A methodology for modeling and predicting mental workload in single- and multi-task environments

Bin Xie, Purdue University

Abstract

Mental workload has long been recognized as an important factor in human performance in complex systems. It is documented that either overload or underload may degrade human performance. Therefore, system designers need, at an early design phase, some explicit models to predict the mental workload imposed on individuals so that alternatives of system designs can be evaluated. This research aims to develop a practical framework for predicting mental workload in both single- and multi-task environments with particular consideration of individual factors. In order to describe mental workload more precisely and completely, a framework for mental workload definitions, containing instantaneous workload, average workload, accumulated workload, peak workload and overall workload is proposed. In order to model individual factors, two new variables--effective workload and ineffective workload--are introduced to conceptually model task-generated and individual-generated workloads. Under the conceptual model, the operational models for predicting human mental workload for human-computer interaction tasks are developed.^ The results of two experimental studies, utilizing 60 subjects, aimed at validating the model, indicated the followings: (1) Average workload, accumulated workload, and instantaneous workload are different from overall workload. Hence, combined use of them describes the workload more precisely. (2) The predictive mental workload model explains 42 percent of the variances associated with NASA-TLX subjective mental workload ratings and explains 78 percent of the variances associated with performance time. Hence, the conceptual and operational model for predicting mental workload have been validated. (3) The relationships between the effective/ineffective workload and the four independent variables have not been fully validated. The results showed that both task-related factors and individual-related factors can affect mental workload significantly. (4) Mental workload is significantly affected by time pressure. The workload in self-paced multi-task environment is 29% lower than the workload in system-paced multi-task environment. The workload in a self-paced, multi-task environment is 19% lower than the workload in a system-paced, single task environment.^ The models developed and validated for predicting mental workload can be used by designers to allocate tasks and to increase task performance and job satisfaction. ^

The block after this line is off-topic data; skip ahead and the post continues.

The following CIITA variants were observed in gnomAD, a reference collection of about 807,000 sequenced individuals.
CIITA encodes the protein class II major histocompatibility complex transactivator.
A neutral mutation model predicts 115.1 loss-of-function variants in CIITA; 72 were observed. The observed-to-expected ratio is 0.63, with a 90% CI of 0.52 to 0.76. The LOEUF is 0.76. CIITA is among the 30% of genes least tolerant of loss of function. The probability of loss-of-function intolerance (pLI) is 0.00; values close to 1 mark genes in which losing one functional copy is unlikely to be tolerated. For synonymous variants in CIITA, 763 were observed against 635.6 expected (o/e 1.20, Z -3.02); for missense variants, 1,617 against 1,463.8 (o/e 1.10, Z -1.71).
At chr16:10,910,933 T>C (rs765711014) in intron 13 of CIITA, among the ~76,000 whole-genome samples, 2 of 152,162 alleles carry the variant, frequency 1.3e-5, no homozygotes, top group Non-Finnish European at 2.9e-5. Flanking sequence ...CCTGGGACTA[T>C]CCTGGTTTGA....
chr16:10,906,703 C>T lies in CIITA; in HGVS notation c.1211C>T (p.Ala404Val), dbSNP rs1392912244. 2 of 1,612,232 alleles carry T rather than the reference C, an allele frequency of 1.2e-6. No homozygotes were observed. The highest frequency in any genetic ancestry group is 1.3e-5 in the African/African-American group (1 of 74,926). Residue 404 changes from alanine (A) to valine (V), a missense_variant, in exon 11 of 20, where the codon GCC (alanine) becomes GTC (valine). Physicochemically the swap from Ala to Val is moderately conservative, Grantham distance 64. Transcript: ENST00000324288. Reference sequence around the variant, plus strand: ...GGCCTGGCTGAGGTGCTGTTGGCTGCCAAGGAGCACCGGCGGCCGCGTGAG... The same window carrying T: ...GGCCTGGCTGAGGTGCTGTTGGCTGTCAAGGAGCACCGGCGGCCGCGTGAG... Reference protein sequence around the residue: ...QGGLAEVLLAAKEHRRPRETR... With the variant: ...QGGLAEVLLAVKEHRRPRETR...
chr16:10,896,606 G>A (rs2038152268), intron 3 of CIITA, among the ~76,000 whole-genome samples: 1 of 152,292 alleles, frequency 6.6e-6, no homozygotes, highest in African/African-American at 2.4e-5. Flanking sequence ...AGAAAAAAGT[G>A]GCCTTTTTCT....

Degree

Ph.D.

Advisors

Major Professor: Gavriel Salvendy, Purdue University.

Subject Area

Engineering, Industrial|Psychology, Industrial

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